The first thing Cherry Healey does when she gets a day off work isn’t go out and enjoy a rare moment of freedom. Instead she blocks out space in her diary, puts on her comfiest socks and jogging bottoms, and hibernates with her two children, Bear, 4, and Coco, 9, at home in Shepherd’s Bush, west London.
The 37-year-old BBC TV presenter can go for periods of more than 40 days filming a new show, often away from home, so when she gets a chance to choose her own schedule she chooses to ‘scrunge’ – a term made up by her family to describe lazy days. “I can’t believe that’s now officially out there, but it is my favourite thing to do. Scrunging is magic.”
A typical day’s scrunging will include time spent in the kitchen – preferably baking with her son while her daughter draws nearby – but the key ingredient is that it has to be done slowly. “Everything in my life is so rushed, back to back and minute to minute, so this is the way I relax and find peace,” she tells me.
The day starts with a visit to their local shops – weekday shopping is done at the Tesco Metro down the road – but a scrunging day sees the family go to a local deli, butchers and fishmongers. There the shopkeepers take time to talk Bear through the ingredients, the colours of vegetables, the difference between organic and non-organic, filling up his paper bag with items of his choice.
“My daughter isn’t interested in food and couldn’t care less, but I’ve cooked with Bear since as soon as he articulated he wanted to do it,” says Cherry. “What my son really wants to do is for me to lay out all the ingredients in front of him and just watch – his own little cookery show.”
Her son will either help her with the meal prep – “he chops the onions and the mushrooms” – or he will take centre stage and bake his own cake, gradually learning the perfect ratios of eggs, flour and sugar needed to make it rise.
Like many parents, Cherry says that too often her post-work dinner can end up just being a pitta bread and hummus or a bowl of cereal. So she relishes time spent cooking or baking with her son. She says she has never purchased as much self-raising flour as she did during the summer holidays.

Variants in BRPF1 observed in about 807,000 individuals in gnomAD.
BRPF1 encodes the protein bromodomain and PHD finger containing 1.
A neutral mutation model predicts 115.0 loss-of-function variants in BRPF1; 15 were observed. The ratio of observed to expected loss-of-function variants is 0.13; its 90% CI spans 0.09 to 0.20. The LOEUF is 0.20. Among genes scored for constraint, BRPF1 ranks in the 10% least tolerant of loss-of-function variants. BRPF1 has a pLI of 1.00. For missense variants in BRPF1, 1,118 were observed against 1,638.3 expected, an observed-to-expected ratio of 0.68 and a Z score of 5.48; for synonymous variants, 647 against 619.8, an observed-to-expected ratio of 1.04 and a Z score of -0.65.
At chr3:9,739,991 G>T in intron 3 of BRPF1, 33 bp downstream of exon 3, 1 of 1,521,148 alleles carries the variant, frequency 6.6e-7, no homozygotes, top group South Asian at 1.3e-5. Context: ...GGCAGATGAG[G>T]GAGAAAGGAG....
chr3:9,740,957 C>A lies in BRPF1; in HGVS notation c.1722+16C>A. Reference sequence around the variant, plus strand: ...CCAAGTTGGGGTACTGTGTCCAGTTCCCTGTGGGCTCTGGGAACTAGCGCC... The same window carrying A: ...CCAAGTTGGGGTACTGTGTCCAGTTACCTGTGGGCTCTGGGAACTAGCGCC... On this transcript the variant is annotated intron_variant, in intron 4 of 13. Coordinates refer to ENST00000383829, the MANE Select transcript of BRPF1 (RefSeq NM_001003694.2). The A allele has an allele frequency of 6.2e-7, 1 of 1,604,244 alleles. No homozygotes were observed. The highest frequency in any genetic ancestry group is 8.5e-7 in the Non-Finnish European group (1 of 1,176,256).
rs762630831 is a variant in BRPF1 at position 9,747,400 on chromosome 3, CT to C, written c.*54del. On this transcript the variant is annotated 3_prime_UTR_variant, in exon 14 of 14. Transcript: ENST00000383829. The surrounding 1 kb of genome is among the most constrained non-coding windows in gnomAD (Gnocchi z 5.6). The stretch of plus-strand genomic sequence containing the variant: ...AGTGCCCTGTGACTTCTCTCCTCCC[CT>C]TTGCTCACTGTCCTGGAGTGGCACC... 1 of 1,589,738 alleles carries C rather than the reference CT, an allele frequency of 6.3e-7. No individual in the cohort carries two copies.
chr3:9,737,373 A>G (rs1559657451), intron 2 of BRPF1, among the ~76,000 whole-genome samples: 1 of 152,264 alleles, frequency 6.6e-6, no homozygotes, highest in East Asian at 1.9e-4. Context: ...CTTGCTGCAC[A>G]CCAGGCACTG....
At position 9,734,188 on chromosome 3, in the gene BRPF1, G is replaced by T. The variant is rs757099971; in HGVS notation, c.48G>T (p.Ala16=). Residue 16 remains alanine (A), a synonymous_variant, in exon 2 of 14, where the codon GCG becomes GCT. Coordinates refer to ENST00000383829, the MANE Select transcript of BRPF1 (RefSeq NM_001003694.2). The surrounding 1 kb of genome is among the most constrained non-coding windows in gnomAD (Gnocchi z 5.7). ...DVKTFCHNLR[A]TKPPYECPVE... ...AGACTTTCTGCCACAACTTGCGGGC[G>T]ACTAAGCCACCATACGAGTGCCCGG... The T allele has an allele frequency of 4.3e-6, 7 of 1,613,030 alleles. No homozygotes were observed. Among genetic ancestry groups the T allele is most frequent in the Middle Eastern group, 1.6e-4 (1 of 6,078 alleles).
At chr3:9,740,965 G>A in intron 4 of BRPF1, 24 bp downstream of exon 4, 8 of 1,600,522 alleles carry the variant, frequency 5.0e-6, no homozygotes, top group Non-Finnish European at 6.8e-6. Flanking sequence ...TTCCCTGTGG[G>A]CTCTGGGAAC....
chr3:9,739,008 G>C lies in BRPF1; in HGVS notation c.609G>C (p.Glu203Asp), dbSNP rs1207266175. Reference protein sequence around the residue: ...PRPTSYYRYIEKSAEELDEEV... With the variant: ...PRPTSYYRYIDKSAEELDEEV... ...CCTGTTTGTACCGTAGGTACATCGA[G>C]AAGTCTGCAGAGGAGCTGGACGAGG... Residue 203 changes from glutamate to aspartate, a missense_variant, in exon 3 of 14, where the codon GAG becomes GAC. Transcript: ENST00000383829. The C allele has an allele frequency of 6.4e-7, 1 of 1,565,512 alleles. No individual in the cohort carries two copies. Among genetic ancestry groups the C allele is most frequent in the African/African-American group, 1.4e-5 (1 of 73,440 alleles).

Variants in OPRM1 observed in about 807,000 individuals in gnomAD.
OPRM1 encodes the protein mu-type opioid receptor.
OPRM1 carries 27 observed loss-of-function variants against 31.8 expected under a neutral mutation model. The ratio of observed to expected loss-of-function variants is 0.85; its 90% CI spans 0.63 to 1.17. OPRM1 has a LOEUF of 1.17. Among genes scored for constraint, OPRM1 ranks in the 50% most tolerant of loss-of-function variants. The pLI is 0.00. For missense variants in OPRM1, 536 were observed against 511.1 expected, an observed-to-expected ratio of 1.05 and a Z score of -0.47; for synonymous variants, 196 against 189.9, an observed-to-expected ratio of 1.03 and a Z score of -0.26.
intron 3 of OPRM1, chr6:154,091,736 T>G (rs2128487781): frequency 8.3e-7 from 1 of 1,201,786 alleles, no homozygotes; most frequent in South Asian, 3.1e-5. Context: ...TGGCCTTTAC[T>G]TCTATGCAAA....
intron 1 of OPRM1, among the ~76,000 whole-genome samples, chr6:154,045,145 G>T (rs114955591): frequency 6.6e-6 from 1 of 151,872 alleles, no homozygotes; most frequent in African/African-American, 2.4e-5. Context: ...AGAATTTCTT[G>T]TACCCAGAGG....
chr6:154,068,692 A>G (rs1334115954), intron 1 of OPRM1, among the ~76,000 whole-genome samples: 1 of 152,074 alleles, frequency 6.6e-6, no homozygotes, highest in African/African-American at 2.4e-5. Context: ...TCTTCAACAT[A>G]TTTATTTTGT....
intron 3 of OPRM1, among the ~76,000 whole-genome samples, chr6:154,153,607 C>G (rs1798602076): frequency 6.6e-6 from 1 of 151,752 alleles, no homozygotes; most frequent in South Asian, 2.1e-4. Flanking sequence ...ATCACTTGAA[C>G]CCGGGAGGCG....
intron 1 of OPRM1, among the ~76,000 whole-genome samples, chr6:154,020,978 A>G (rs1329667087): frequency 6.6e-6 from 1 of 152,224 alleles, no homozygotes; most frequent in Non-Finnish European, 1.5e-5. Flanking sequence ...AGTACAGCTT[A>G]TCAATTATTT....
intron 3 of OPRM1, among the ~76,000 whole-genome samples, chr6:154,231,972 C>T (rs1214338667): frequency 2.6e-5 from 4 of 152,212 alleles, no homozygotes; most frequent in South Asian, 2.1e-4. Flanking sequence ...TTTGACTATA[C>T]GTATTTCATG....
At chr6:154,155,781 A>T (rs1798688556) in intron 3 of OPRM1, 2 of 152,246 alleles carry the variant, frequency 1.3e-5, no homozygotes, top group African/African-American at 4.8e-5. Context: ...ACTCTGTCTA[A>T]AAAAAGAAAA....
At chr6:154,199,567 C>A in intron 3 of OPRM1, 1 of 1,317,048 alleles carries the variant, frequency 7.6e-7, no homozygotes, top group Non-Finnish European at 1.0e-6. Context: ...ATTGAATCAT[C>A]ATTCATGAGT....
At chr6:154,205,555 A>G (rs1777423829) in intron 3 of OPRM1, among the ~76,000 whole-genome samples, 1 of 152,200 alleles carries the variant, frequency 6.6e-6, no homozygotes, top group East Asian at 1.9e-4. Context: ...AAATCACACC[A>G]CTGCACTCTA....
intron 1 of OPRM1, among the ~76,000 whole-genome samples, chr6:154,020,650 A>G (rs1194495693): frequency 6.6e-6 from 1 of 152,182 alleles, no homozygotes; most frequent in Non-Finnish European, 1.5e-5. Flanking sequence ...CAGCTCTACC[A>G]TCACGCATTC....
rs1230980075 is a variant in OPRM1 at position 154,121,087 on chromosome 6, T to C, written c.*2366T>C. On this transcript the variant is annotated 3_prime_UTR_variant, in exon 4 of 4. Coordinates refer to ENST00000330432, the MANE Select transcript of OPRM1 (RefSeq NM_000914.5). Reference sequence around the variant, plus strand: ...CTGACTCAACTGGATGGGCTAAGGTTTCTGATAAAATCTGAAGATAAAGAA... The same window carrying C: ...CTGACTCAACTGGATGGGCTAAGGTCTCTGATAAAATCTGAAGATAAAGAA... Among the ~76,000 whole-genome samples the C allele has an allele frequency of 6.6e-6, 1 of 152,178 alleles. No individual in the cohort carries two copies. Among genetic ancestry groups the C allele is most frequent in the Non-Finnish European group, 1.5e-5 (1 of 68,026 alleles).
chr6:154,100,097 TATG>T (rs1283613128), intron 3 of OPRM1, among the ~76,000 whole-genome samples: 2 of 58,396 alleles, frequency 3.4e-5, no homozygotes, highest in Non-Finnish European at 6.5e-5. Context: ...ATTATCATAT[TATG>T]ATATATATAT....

Regardless of what they make, it’s the process itself that allows this single mum to “unclench”. This involves letting her kids get messy and not getting stressed.
“It’s quite a good mindfullness exercise to remind myself to let go a little bit,” she says. “Being calm at home and not jumping on a train or racing around a factory or getting on an aeroplane.” All things she’s recently done on camera. “Just taking things slowly is really fabulous.”
Once they’ve finished baking the three of them settle down on the sofa with a crisp cocktail (different flavours of crisps all mixed together in a single bowl) – “for some reason my kids think that is the naughtiest most hilarious thing ever” – and watch television. Currently they are working through classic films from the 1980s. Last weekend, they watched ‘Back To The Future’.
“To other people it looks like I’m not busy but I don’t understand why people need that explaining."”
“To be with my kids at home in our socks and sloppy clothing is so blissful,” she says. “Scrunging is a really important part of self care. When someone says, ‘are you busy on this day?’ I factor that in. To other people it looks like I’m not busy but I don’t understand why people need that explaining.
“My job requires so much of me. The days are very long and it’s a lot of emotional investment. I can only do that once I’ve filled up my cup. You can’t pour from an empty cup.”
Cherry places a lot of importance on being organised to maintain her mental wellbeing. “Running a home is running a business: you have people and they need constant feeding, and doing admin and bills and payments. Luckily I love logistics. I have calendars and Excel spreadsheets everywhere.”
Last week she left her paper diary on an aeroplane. “It was awful and I had to buy another one right away. I just ran to WHSmith. I couldn’t wait a moment.”
For the mother-of-two, this isn’t just about her own wellbeing, but everyone around her who relies on her carrying on. “I’m driving the bus and there’s a lot of people on the bus – my kids, the people I work with – and if I don’t carry on they won’t have the things they need. There aren’t many times I can actually chill out so I have to create the space to do it.”